Personally, I find Mark Bittman a sanctimonious little prig.
I like his book and his Time magazine articles, but I'm not familiar with him beyond that. What did he do that I should know about?

kite

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Re: Looking for a Good Cooking Book for a Newb
« Reply #18 on: August 07, 2015, 03:56:11 PM »
I started a thread on this book as well, and highly recommend it for a newbie -- especially if you are interested in whole foods cooking:
http://forum.mrmoneymustache.com/mustachian-book-club/the-kitchen-counter-cooking-school-by-kathleen-flinn-21173/

Yes, yes, yes!

Between this and Tamar Adler's Everlasting Meal, your shelf needs no other book.  They are each complete works of art regarding what to do with what's there in front of you that you'll develop your own palate and skill set to follow a recipe or no recipe and still make something delicious.  I'd compare them to learning to play an instrument by ear so that you can pick up any tune. 

SunshineAZ

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Re: Looking for a Good Cooking Book for a Newb
« Reply #19 on: August 07, 2015, 04:14:34 PM »
The Joy of Cooking will give you all the basics and you should  be able to easily find a used copy.
This! 

Also www.allrecipes.com is a great site for finding new recipes.  It has a ingredient search, where you can put in a few ingredients and it will find recipes to use those items, great when you are trying to use up a particular ingredient.  It also lets you save recipes and add notes to them. 

zoltani

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Re: Looking for a Good Cooking Book for a Newb
« Reply #20 on: August 07, 2015, 04:52:12 PM »
My wife and I really like Clean Slate

http://www.amazon.com/Clean-Slate-Cookbook-Guide-Health/dp/0307954595

Easy, healthy and delicious recipes.
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Riff

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Re: Looking for a Good Cooking Book for a Newb
« Reply #21 on: August 07, 2015, 08:35:51 PM »
I have learned a ton about cooking by watching/reading Sam the Cooking Guy.  His stuff is simple, quick, and delicious.  Plus he's hilarious to watch :)

gatortator

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Re: Looking for a Good Cooking Book for a Newb
« Reply #22 on: August 08, 2015, 03:11:00 PM »
In addition to that I have a copy of the America's Test Kitchen Family Cookbook

+1

if I only had room for one book,  this is the one I would keep. 

Good amount of pictures (including what not to do in the baking sections), clear instructions,  with recommendations for equipment and best brands for ingredients.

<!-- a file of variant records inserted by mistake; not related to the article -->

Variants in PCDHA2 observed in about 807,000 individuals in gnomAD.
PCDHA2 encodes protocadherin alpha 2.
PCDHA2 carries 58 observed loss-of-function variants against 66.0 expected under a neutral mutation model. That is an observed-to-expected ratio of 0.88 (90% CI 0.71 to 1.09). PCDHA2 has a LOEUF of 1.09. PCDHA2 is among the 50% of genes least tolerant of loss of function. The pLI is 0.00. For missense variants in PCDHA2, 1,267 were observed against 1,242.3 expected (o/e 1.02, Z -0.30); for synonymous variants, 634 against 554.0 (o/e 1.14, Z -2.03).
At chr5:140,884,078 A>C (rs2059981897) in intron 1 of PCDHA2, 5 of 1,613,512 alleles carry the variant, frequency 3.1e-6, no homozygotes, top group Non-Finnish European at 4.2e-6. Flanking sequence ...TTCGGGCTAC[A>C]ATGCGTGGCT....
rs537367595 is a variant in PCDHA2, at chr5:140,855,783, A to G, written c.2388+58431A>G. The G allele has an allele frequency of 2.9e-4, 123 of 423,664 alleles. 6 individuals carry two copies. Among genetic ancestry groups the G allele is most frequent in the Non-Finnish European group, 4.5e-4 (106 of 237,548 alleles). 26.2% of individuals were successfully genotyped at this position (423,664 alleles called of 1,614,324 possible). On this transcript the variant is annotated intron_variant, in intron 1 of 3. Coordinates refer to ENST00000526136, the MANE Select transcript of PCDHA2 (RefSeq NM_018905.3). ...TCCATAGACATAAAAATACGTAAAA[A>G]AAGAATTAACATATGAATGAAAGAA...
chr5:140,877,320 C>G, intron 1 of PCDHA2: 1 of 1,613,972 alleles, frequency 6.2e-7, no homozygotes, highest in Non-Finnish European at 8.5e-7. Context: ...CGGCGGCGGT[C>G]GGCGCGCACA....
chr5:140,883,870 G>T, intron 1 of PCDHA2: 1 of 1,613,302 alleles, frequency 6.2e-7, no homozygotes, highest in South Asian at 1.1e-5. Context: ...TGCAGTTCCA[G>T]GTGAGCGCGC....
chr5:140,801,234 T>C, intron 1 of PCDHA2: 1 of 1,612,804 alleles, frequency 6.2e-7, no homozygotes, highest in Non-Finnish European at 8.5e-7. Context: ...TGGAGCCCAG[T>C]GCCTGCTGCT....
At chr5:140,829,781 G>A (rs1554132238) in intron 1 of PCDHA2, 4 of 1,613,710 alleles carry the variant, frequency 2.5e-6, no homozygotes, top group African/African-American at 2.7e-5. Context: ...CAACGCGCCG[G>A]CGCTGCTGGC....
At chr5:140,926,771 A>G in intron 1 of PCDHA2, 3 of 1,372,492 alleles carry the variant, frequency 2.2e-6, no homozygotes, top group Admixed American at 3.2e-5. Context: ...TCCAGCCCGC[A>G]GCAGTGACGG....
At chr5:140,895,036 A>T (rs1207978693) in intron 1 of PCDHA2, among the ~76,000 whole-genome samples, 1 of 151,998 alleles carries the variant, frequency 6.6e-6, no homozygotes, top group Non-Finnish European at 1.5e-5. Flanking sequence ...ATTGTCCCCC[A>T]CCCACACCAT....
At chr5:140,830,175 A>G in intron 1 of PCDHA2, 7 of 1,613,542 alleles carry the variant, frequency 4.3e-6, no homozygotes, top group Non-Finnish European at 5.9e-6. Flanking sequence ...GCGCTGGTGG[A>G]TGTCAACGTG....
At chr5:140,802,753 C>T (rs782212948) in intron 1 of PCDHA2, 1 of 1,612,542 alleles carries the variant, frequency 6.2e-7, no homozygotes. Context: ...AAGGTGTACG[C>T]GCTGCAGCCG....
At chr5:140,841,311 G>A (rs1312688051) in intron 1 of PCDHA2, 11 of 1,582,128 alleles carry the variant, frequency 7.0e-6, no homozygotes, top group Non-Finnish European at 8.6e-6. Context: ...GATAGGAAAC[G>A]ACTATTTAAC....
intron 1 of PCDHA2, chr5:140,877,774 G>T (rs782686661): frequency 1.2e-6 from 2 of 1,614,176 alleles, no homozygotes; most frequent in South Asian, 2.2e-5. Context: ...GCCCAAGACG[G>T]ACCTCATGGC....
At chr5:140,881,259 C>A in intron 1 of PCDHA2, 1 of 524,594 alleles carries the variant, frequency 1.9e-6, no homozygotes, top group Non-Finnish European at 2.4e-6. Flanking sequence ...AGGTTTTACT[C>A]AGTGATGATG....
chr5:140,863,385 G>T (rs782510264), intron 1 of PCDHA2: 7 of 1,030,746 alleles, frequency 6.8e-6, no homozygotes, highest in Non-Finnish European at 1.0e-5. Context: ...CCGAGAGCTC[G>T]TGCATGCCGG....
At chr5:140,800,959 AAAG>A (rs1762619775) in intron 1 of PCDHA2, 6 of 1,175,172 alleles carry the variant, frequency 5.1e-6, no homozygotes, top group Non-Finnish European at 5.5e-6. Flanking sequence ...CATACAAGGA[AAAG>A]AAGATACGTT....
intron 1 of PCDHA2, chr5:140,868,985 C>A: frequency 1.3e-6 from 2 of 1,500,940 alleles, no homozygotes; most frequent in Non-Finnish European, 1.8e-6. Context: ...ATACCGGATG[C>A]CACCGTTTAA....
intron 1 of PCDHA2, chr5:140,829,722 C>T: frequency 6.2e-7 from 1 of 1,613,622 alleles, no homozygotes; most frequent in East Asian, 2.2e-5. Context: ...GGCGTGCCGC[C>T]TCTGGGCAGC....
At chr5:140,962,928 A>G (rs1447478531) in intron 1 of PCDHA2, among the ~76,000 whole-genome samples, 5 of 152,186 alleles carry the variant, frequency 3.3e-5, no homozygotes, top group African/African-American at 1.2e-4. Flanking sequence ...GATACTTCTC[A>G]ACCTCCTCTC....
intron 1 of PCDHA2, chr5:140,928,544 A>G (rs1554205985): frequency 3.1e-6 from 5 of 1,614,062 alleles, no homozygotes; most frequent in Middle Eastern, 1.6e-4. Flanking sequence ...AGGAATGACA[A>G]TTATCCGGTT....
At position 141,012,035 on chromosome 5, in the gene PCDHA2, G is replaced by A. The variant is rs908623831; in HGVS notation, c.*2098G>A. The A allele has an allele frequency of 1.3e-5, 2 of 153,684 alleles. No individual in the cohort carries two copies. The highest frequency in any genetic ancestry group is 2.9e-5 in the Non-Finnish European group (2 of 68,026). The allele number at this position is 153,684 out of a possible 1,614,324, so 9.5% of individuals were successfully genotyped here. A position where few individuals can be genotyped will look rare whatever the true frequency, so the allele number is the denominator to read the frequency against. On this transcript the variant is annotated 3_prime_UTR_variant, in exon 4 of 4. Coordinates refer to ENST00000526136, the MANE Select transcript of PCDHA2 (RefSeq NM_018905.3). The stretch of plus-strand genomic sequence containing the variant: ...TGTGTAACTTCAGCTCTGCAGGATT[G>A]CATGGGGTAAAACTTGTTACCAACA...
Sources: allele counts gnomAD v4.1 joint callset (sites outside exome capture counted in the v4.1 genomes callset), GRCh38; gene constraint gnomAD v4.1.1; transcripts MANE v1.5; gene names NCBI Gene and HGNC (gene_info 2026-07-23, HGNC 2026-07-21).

Bumbling Bee

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Re: Looking for a Good Cooking Book for a Newb
« Reply #23 on: August 08, 2015, 05:02:05 PM »
The Joy of Cooking will give you all the basics and you should  be able to easily find a used copy.

I own a shelf of cookbooks, including many mentioned here, but if I had to choose just one it would be this.  And I agree -- head to a used bookstore or find a decent used copy online.

Cosigned on this. As others have mentioned Alton Brown and America's Test Kitchen are both great. The recipes are really well-tested and both programs do a great job explaining the science behind cooking. Mark Bittman's philosophy and attitude towards cooking are great, but his recipes are sometimes sloppy. IMHO, Martha Stewart's recipes are often really inconsistent in results (which is ironic considering how fussy she is).

Websites I love that I don't think have been mentioned yet include Kenji López-Alt's Food Lab on Serious Eats (http://www.seriouseats.com/the-food-lab/) and Simply Recipes (http://www.simplyrecipes.com/) - I've never had a bad result with either. I also recommend using Pepperplate (https://www.pepperplate.com/) to manage recipes; it helps with menu planning and will generate shopping lists, which syncs with your phone if you get the app.
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milesdividendmd

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Re: Looking for a Good Cooking Book for a Newb
« Reply #24 on: August 08, 2015, 05:10:46 PM »
Plus one on the food lab from Kenji Lopez Alt. he actually started out writing for cooks illustrated.  And he has a cookbook coming out next month.
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Re: Looking for a Good Cooking Book for a Newb
« Reply #25 on: August 08, 2015, 06:40:49 PM »
I also love allrecipes.com due to the variety of recipes.  I came home from farmers market today loaded with fruits and vegetables. Made a huge pot of Italian sausage soup loaded with fresh vegetables and a peach cobbler with fresh juicy Georgia peaches. Both were absolutely scrumptious and no crazy ingredients.
I have learned so much, like how to roast vegetables and make tortillas. I keep a notebook of my favorites and people rave about my cooking.  You can find vegan and vegetarian recipes too.